Montreuil



This weekend, we went to Montreuil for Portes ouvertes des ateliers d'artistes. We visit a few times a year, since friends live at Métro Robespierre, and my husband likes the growlers at Deck & Donohue. North of Paris, just past Vincennes, Montreuil was once famous for its peaches, espaliered by plaster solar walls. Alexandre Dumas immortalized the retired King's Musketeer who first brought a basket of Montreuil peaches to Versailles. Prized by European royalty, the cultivars- reputedly the best in the world- were the inspiration behind Escoffier's peach melba.

 

In the 1970s, Montreuil was home to La Main Bleue, a Philippe Starck-designed discotheque in the middle of a mall. Subsequent decades saw the city devolve into a hotbed of social unrest, organized crime, and drug dealing. The famous murs à pêches went untended and abandoned. Walking around Montreuil, there are glimpses of Paris before Haussmann; a recently launched urban renewal program saw the construction of new, eco-friendly housing units in the impoverished suburb. Fields and community gardens cropped up in the center of commercial districts, where cats nap amidst fallen peaches. Former industrial warehouses were converted to mosques and ateliers. Once a destination for Parisians fleeing small spaces and high rent prices, Montreuil is now home to artists, teachers, refugees, and entrepreneurs. 



The concept of portes ouvertes is this: artists invite visitors into their homes, explain their work, and serve tea, cookies, and juice. It's a great way to buy original pieces direct from the creators, but the fun mostly stems from peeking into converted industrial loft spaces. Everyone covers up their belongings with sheets and curtains, so you'd think you were in a gallery if the oven and dishwasher didn't give them away.

We saw wooden cubist sculptures spanning three stories, canvases embroidered with human hair, naturalist paintings, comic books, and light installations. Some things were too pretentious for me. I think esoteric art is a cop-out and an attempt to conceal limited or nonexistent talent; I also think Taylor Swift is the voice of a generation, so what do I know. Two artists I loved were Daniela Capaccioli and Valeria Polsinelli. Daniela does intricate, transparent wire sculptures, suspended from skylights in her pristine, minimalist loft. We want to buy jellyfish and raindrop sculptures from her, the only problem is how to hang them out of the cats' reach. Valeria just returned from a trip to South Korea with her husband, a beekeeper, which immediately endeared her to me. She came to Paris from Italy thirty years ago and began experimenting with mishima, a traditional Korean slip-inlay technique. We bought a set of her beautiful celadon sake cups- they remind me of teacups my grandmother used. The glaze is non-toxic and food-safe, and all the materials can be re-used infinitely. You can throw pots and take classes at her ceramic studio, Graines de Terre. Another highlight was Le 116, a contemporary art center in a former hotel particulier on Rue de Paris. It is friendly, unpretentious, and showcases the beauty and value of restraint, with an expertly curated collection, thoughtful lighting, and friendly staff.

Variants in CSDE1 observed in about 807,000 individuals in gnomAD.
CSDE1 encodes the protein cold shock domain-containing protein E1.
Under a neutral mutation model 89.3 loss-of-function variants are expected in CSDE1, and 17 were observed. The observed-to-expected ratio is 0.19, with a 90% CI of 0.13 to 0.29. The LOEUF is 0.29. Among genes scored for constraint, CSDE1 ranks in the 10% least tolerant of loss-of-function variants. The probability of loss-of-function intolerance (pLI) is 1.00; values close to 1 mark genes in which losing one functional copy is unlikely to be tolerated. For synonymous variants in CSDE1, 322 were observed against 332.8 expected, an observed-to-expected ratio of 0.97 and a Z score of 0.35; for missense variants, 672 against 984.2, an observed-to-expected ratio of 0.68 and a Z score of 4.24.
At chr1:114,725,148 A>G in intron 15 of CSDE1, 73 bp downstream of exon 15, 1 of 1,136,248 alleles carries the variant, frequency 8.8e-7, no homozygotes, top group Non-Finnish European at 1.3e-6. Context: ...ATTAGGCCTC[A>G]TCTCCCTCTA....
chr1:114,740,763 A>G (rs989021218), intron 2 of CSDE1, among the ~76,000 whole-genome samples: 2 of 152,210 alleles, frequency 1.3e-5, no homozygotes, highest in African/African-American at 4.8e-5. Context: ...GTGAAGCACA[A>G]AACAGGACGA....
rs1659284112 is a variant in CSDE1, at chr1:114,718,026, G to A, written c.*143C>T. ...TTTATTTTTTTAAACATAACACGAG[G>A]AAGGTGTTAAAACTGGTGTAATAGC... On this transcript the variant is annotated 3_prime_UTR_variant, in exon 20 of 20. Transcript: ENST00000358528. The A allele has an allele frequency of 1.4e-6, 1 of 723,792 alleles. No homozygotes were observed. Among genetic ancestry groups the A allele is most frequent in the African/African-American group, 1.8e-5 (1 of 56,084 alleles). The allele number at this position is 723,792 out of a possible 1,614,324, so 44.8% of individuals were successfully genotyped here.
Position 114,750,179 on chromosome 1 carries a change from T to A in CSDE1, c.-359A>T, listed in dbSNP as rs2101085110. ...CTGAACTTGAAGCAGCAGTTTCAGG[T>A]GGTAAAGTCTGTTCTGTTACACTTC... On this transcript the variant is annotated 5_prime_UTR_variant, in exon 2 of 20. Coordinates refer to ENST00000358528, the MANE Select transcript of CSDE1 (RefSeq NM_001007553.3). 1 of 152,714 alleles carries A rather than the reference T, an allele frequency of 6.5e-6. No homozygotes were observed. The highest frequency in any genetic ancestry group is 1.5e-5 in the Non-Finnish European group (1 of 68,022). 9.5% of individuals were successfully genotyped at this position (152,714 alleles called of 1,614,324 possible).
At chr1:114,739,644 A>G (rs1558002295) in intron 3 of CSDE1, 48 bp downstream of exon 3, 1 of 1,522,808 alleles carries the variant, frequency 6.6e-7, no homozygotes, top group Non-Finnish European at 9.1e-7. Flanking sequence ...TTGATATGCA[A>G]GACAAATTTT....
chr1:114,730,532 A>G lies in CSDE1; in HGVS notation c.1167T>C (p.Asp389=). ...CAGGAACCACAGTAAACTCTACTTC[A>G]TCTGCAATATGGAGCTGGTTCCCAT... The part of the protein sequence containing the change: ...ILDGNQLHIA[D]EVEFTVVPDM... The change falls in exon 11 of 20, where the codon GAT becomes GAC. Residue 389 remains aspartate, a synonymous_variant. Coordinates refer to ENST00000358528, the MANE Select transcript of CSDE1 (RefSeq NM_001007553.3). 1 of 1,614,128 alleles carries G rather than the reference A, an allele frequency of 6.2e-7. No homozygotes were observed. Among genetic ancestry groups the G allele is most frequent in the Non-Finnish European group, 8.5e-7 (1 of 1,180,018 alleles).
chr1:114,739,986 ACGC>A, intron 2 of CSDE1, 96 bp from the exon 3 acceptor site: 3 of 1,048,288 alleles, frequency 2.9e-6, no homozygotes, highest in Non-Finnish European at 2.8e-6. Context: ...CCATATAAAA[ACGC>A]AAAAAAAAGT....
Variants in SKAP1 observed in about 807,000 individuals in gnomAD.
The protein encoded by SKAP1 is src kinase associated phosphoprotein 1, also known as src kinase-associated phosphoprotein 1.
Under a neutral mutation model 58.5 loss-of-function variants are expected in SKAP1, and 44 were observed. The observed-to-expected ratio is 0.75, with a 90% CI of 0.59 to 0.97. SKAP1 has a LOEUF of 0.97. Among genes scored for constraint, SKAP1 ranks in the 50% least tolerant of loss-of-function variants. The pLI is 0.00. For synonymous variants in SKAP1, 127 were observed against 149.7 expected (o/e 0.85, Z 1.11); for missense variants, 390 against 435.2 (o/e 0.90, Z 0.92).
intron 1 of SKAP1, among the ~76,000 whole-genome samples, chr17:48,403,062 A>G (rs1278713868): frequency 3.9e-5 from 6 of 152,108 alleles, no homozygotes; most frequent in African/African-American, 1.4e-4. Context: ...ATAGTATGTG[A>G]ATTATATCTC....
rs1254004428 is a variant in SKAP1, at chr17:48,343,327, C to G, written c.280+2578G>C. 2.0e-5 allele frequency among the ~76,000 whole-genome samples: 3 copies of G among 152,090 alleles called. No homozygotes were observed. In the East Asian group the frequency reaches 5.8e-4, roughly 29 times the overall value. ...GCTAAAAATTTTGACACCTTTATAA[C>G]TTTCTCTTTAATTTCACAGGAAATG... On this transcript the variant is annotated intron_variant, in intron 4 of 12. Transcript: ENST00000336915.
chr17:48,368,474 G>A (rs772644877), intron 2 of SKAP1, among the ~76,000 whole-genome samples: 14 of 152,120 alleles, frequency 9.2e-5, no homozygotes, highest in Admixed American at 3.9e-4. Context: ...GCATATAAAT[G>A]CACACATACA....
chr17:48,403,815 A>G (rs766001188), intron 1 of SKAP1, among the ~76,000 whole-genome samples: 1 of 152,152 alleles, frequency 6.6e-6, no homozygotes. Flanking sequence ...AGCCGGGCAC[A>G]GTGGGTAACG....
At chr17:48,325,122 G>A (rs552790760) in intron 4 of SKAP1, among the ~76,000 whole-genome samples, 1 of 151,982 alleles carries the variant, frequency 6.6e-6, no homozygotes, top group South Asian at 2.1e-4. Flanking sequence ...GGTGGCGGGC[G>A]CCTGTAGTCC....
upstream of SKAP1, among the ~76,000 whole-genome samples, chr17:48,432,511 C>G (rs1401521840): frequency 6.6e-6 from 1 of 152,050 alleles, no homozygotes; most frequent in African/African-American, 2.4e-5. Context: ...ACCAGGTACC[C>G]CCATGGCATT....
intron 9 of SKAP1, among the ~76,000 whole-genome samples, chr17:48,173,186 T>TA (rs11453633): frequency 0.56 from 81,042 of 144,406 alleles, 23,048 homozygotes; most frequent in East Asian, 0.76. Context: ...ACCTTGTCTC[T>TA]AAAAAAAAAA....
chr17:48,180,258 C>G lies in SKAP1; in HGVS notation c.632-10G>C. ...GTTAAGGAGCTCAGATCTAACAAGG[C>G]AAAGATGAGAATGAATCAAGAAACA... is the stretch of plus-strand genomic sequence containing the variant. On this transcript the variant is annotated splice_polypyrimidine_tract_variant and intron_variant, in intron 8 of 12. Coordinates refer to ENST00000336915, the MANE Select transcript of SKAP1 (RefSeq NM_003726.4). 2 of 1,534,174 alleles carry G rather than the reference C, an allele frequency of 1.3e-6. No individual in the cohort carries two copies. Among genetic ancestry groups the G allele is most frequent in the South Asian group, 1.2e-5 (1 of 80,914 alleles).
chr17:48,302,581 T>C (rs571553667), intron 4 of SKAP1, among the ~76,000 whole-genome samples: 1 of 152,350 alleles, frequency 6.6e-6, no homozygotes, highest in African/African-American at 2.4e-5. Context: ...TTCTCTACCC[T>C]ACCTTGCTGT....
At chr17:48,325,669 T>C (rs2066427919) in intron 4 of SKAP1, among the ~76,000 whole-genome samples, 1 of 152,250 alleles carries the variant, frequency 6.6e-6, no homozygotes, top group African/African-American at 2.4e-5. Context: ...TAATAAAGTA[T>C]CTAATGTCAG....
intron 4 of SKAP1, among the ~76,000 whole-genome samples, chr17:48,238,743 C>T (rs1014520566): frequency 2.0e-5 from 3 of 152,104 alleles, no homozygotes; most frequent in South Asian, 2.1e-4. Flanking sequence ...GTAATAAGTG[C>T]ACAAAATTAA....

We bought a nice drawing of Space Invaders attacking a broccoli forest from a 16-year-old boy, who displayed more talent, technical skill, and imagination than any drug-addled poser in a black turtleneck and horn-rimmed glasses. His mom told us they lived in Montreuil for two decades because they couldn't afford Paris. Developers displaced their neighbors to build a "bar for bobos" next door. There's no good English translation for her reaction, but the basic sentiment was longtime residents now find themselves in a douchecanoe with a vintage forklift for a paddle, a sentiment many Montreuillois echoed.

Everywhere you see signs of gentrification gone too far. There are men at Le Rendez-vous des Chauffeurs waiting decades for visa papers; kids rapping to protest the bulldozing of ancient trees; young Malienne mothers unable to buy food because affordable shops were replaced by organic epiceries. I'm oversimplifying, but Montreuil reminds me of Detroit or Cleveland, with the population density of Beijing. It's worth a visit if you're going to be in Paris for a long time, to see the restored murs à pêches, pick up a growler of zero-waste beer, and sample the work of some of France's best new artists. Photos by me, Emmanuel, Kanika, and my husband.

Paris to Go

2 comments:

  1. Love the way you weave a unique story with each post. Is that you in the pictures? I would love to see more of your outfits the way you actually wear and style them. You are always inspiring!

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    1. Hi Tamara! You are so sweet. Thank you so much! That is me in the pictures, as you can see I'm terrible at posing :(

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